Sea Kayaking Glossary
the steepness of the shoreline.
a closable storage area within a kayak.
a light source strapped to the forehead, freeing the hands for use.
a steep-sided point of land that projects out from a coast into deep water.
a wind blowing opposite the direction of travel.
head of tide -
on a tidal river, the point where the influence of the tide disappears.
high tide -
the event occurring when the water level is at its highest point during a tide cycle.
high-water slack -
the slack water occurring after the flood current ends and before the ebb current begins;very loosely correlated with the time of high tide.
the lower surface of the kayak that sits in the water.
intertidal zone -
that land covered by water at high tide but exposed at low tide, shown in green on the chart.
a unit of speed equivalent to one nautical mile per hour.
launch site -
a location on the shore where launching and/or retrieving a boat from the water is allowed.
a technique used to reduce a kayak's waterline and therefore ease turning; leaning is also used to reposition the boat's center of gravity in waves or current.
the direction toward which the wind is blowing, relative to your current position.
leeward shore -
when you are on the water, the shore toward which the wind is blowing; the lee of an island, on the other hand, is the downwind side protected from the wind. Synonymous with lee shore.
line of position -
a range line drawn through two charted points that indicates position when a paddler is on the range.
low tide -
the event occurring when the water level is at its lowest point during a tide cycle.
low-water slack -
the slack water occurring after the ebb current ends and before the flood current begins; very loosely correlated with the time of low tide.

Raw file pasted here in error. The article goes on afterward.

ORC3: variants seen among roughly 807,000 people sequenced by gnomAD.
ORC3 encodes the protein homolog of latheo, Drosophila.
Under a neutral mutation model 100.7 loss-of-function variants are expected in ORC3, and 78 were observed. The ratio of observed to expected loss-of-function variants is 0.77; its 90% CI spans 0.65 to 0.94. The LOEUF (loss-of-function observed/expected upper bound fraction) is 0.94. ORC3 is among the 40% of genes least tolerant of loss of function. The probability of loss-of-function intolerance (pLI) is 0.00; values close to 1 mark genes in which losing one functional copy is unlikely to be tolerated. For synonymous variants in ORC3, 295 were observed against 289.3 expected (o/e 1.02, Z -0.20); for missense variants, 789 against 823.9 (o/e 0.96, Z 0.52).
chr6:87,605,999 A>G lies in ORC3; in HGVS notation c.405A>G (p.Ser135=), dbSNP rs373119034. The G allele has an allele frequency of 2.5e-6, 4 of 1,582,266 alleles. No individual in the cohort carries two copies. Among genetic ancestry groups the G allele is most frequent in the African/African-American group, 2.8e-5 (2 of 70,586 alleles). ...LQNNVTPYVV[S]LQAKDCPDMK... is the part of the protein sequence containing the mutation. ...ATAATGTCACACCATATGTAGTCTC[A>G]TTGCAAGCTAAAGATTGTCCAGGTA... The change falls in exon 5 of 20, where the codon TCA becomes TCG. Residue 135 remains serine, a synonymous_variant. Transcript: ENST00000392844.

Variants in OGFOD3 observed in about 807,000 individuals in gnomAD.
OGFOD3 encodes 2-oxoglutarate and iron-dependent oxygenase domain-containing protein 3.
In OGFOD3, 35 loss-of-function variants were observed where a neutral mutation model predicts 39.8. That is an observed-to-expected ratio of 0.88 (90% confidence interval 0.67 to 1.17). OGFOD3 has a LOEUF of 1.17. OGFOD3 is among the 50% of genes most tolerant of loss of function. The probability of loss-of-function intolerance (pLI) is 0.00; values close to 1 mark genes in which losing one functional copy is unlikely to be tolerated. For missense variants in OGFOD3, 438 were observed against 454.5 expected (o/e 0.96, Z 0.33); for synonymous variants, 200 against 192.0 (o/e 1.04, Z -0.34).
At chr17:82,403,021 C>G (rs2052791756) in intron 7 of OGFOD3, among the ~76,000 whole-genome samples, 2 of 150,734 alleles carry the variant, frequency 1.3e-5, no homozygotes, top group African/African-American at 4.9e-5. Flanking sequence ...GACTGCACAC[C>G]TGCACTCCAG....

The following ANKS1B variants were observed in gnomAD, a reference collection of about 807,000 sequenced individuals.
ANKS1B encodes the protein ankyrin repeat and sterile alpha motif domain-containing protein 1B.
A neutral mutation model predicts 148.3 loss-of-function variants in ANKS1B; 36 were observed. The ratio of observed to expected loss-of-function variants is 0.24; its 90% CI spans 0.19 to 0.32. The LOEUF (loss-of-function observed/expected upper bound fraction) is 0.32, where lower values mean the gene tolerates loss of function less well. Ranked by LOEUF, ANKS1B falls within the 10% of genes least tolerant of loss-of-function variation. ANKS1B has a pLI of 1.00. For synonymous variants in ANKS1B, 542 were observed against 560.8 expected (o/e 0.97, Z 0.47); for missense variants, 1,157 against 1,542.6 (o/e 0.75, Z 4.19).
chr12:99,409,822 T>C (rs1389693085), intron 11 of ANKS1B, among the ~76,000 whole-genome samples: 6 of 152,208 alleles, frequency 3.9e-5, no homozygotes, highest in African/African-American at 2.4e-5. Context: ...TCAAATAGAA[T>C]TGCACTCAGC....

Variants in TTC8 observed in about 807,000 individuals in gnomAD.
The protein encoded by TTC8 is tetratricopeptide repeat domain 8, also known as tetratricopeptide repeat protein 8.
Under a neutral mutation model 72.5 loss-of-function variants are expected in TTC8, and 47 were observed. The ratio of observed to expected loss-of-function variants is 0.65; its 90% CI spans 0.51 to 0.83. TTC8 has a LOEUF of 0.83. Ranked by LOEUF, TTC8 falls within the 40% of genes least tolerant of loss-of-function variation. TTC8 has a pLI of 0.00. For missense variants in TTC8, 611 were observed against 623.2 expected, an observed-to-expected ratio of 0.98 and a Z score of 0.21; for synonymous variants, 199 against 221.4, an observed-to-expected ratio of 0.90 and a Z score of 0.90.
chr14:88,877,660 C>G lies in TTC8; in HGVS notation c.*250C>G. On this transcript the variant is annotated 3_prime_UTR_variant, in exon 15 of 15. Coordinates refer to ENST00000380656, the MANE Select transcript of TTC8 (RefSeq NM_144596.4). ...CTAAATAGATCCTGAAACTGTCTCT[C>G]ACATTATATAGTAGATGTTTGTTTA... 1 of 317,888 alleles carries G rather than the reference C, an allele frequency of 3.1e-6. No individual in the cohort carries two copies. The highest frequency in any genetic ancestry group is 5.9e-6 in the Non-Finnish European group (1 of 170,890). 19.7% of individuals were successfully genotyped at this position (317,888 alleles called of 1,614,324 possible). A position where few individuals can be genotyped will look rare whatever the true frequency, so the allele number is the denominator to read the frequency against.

lunar day -
the time between consecutive meridian passages of the moon, equivalent to 24 hours 50 minutes.
magnetic north -
the direction toward which a compass points. The difference in angle between true north and magnetic north is called "variation." Navigational compass directions are assumed to reference magnetic north unless noted otherwise.
marine weather forecast -
a weather forecast predicting conditions on a body of water, emphasizing those factors that affect navigation or safety of mariners.
mean lower low water (MLLW) -
the average of the lower of the two daily low tides over a 19-year period. Usually used as the chart datum.
mixed tide -
a tide cycle where the consecutive high tides (and similarly, consecutive low tides) have markedly different water levels. Each one-day cycle contains a "lower low" followed by a "higher high," then a "higher low" followed by a "lower high."
that part of the intertidal zone with a muddy bottom and gradual slope.
nautical chart -
a map of a body of water showing water depth, aids to navigation, and hazards, designed to assist navigation on the water. Official nautical charts in the US are produced by NOAA.
nautical mile -
the travel distance required to move your position by one minute of latitude. Approximately equivalent to 6076 feet, or 1.15 statute miles. Usually used while navigating salt water.
neap tide -
a tide with a relatively small tide range, occurring twice each month when the sun and the moon are maximally out of alignment.
the National Oceanic and Atmospheric Administration, a US government agency that disseminates information aiding navigation, such as weather forecasts and tide information.
the National Weather Service, a division of NOAA responsible for recording current weather conditions and producing weather forecasts.